This Week in Canadian Science 2018-07-22

by | July 22, 2018

By Scott Douglas Jacobsen

“From October 17, Canadians will be able to light a cannabis cigarette with complete impunity. The North American nation will become only the second country, after Uruguay, to fully legalise marijuana use for recreational purposes.

The move will make good on a campaign promise from Justin Trudeau, who swept into the prime minister’s office in 2015 guaranteeing a new liberalised, socialised Canada. That means Canadians will be able to purchase, grow and smoke to their heart’s content, and the national medical community will have free rein to study the plant’s potential health benefits.

Currently, cannabis is only legal for medicinal purposes, and citizens need a prescription to buy it from a handful of licensed sellers; however, the reality is far from that. Walk down any commercial street in Vancouver or Toronto, and you’ll be hard pressed not to pass the storefront of a cannabis dispensary that will sell you various types of weed with no questions asked.”


“The next generation of Canadian scientists and engineers can rely on their mentors in research and industry to help them gain the knowledge, experience and skills they need to land the jobs of the future.

This week, Kirsty Duncan, minister of science and minister of sport and persons with disabilities, announced $29.7 million in Collaborative Research and Training Experience (CREATE) grants to 18 Canadian research teams across the country who are working to further discovery and innovation.

Two of the 18 research teams include those being led by Dr. Reed Ferber, PhD, and Dr. Lina Kattan, PhD, of the University of Calgary. Each project is getting $1.6 million over six years as part of a national funding announcement.”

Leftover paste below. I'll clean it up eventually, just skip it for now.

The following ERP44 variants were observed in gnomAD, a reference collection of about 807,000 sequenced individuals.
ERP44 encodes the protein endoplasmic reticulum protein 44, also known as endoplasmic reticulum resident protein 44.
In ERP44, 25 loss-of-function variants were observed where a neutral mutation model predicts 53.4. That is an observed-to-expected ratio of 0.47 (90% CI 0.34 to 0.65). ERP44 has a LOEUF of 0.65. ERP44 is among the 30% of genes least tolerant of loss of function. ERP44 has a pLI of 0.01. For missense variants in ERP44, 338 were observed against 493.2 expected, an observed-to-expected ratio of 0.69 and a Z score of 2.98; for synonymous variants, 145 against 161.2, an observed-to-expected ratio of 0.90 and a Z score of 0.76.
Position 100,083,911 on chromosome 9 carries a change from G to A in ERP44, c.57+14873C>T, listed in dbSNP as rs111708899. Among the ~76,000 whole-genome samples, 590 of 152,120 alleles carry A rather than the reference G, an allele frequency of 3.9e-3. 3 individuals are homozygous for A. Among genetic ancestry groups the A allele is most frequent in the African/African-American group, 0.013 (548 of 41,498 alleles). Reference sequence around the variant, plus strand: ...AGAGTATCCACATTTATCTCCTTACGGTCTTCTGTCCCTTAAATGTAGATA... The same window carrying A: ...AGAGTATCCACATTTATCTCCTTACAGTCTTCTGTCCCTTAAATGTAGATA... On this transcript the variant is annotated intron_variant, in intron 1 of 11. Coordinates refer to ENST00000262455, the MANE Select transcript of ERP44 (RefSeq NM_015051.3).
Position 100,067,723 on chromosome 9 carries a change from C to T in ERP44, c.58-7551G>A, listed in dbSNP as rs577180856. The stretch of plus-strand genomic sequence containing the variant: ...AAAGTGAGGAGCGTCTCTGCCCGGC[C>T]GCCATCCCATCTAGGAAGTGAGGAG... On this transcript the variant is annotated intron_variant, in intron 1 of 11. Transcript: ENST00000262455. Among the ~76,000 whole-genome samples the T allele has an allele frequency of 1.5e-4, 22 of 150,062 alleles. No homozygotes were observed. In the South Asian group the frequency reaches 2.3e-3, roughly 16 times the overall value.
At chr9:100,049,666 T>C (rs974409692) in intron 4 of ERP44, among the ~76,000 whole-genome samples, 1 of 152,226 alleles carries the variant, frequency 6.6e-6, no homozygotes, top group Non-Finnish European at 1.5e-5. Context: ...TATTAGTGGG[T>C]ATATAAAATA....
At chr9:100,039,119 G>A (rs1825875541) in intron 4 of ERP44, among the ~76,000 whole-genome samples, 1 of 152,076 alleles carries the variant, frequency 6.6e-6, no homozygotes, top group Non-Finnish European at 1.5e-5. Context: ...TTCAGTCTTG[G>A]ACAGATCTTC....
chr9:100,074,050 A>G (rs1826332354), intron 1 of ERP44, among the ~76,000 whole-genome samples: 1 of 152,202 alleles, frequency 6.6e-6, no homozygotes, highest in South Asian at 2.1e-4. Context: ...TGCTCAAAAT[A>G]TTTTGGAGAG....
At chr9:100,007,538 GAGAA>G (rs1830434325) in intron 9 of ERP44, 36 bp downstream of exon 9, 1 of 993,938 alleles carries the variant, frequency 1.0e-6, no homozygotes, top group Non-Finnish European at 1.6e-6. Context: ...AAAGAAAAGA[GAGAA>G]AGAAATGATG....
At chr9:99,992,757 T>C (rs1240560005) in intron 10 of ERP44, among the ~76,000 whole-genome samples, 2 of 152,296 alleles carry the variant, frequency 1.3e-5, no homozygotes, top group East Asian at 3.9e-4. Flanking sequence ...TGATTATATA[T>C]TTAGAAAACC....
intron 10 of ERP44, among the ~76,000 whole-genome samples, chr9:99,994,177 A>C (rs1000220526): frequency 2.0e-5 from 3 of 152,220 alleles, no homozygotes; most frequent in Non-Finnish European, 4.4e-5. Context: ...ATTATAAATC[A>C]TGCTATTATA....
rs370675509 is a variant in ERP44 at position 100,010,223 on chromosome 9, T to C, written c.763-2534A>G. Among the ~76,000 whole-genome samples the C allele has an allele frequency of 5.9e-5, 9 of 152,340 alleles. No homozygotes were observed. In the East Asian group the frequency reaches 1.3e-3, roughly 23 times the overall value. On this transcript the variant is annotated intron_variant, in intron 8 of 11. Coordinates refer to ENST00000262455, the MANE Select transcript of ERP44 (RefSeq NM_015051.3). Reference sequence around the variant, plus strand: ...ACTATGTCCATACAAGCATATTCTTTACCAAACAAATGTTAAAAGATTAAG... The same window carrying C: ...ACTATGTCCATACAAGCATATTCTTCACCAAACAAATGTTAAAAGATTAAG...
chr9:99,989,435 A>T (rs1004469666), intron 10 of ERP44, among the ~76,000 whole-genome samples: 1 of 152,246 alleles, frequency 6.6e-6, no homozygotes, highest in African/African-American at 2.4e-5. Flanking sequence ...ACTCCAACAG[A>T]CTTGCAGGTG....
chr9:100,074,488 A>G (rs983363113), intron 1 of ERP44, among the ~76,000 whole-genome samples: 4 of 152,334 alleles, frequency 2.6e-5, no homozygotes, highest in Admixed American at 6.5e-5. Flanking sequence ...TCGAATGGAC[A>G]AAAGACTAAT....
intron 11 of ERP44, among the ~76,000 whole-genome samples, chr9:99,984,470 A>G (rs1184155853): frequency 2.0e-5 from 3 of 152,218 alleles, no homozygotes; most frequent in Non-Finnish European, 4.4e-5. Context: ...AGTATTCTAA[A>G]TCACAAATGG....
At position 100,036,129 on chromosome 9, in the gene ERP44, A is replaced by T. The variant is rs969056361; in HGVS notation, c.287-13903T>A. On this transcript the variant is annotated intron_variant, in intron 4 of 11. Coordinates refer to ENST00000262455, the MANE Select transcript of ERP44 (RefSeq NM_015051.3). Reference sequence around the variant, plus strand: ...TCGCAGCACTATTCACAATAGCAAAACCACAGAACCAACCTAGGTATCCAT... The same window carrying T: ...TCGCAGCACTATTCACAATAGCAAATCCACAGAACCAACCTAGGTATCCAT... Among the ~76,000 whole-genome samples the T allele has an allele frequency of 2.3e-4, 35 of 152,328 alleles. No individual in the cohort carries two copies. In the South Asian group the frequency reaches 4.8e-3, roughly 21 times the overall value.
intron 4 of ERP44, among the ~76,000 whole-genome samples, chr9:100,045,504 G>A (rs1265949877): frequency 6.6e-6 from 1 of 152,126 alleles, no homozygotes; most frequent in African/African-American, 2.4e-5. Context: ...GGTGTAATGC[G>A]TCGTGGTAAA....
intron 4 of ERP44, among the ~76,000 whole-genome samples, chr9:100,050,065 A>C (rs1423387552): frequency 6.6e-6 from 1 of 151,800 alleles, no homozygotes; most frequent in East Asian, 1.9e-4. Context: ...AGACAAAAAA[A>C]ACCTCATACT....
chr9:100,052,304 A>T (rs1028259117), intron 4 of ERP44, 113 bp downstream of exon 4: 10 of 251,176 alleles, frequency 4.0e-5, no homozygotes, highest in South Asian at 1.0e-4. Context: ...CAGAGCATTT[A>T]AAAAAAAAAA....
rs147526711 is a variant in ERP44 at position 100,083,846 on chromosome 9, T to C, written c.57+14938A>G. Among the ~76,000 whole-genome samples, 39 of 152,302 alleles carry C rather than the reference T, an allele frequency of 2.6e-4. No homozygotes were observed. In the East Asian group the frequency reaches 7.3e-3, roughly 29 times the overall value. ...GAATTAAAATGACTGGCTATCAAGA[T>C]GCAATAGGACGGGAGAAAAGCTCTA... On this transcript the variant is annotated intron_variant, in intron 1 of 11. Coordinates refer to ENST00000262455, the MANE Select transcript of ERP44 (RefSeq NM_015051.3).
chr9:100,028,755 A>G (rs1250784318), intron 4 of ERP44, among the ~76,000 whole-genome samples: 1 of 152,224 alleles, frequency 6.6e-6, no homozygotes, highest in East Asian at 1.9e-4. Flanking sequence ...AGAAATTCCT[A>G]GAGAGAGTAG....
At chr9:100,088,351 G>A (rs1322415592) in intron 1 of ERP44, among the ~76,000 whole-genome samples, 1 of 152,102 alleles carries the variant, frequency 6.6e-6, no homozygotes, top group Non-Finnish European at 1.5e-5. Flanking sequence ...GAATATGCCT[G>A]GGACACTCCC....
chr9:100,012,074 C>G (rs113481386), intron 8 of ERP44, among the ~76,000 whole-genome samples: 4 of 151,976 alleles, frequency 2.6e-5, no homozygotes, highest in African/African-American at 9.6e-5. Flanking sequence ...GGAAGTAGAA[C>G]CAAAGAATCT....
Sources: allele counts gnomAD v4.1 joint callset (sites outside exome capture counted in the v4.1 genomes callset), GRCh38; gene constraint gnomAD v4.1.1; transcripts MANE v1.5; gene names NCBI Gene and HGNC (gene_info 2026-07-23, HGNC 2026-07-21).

“The federal government is investing $3 million to study populations of endangered whales off Canada’s Atlantic and Pacific coasts, officials announced Wednesday.

The joint initiative between the federal department of Fisheries and Oceans Canada and the Natural Sciences and Engineering Research Council of Canada (NSERC) will provide funding to Canadian universities for research into Southern Resident Killer Whales, North Atlantic Right Whales, and St. Lawrence Estuary Belugas and the challenges they face.

“In order to better protect these iconic species, we need to understand the threats they are facing and determine the best solutions possible,” outgoing Minister of Fisheries and Oceans and the Canadian Coast Guard Dominic LeBlanc said in a statement.”


OTTAWAJuly 17, 2018 /CNW/ – Protecting Canada’s endangered whales from further harm is a shared responsibility between the government and its partners. New research and solutions are needed to better understand the threats facing these iconic species.

Today, the Honourable Dominic LeBlanc, Minister of Fisheries, Oceans and the Canadian Coast Guard, and the Honourable Kirsty Duncan, Minister of Science and Minister of Sports and Persons with Disabilities, announced a new $3 million-initiative that will encourage new research in Canada to help advance our understanding of Southern Resident Killer Whales, North Atlantic Right Whales, and St. Lawrence Estuary Belugas and the challenges they face.

The joint initiative between Fisheries and Oceans Canada and the Natural Sciences and Engineering Research Council of Canada (NSERC) will provide funding to Canadian universities for research on these endangered whales, including research on their health and condition. Supported projects will also focus on the effectiveness of measures to mitigate threats and on innovative whale assessment methodologies.”


“Prairie farmers received good news Friday as Japan, this country’s second-largest buyer of wheat, announced it would resume commercial wheat shipments from Canada one month after the discovery of a handful of genetically modified wheat plants in Alberta.

Japan suspended imports on June 15 after less than 10 GMO wheat plants were found growing in a ditch along an oil well access road in southern Alberta. Genetically modified wheat is not authorized to be grown commercially in any country.

Follow-up testing by the Canadian Food Inspection Agency (CFIA) concluded the rogue wheat was isolated to one location, and found no evidence that any unapproved product has entered export cargos.

“Today’s news proves that Canada’s science-based regulatory system works,” said Tom Steve, general manager of the Alberta Wheat Commission. “Japan is a highly valued customer of Canada and we are pleased to see that they have reaffirmed their confidence in our system and have resumed normal trade.”’


Scott Douglas Jacobsen is the Founder of In-Sight: Independent Interview-Based Journal and In-Sight Publishing. He authored/co-authored some e-books, free or low-cost. If you want to contact Scott:

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Photo by Ramón Salinero on Unsplash

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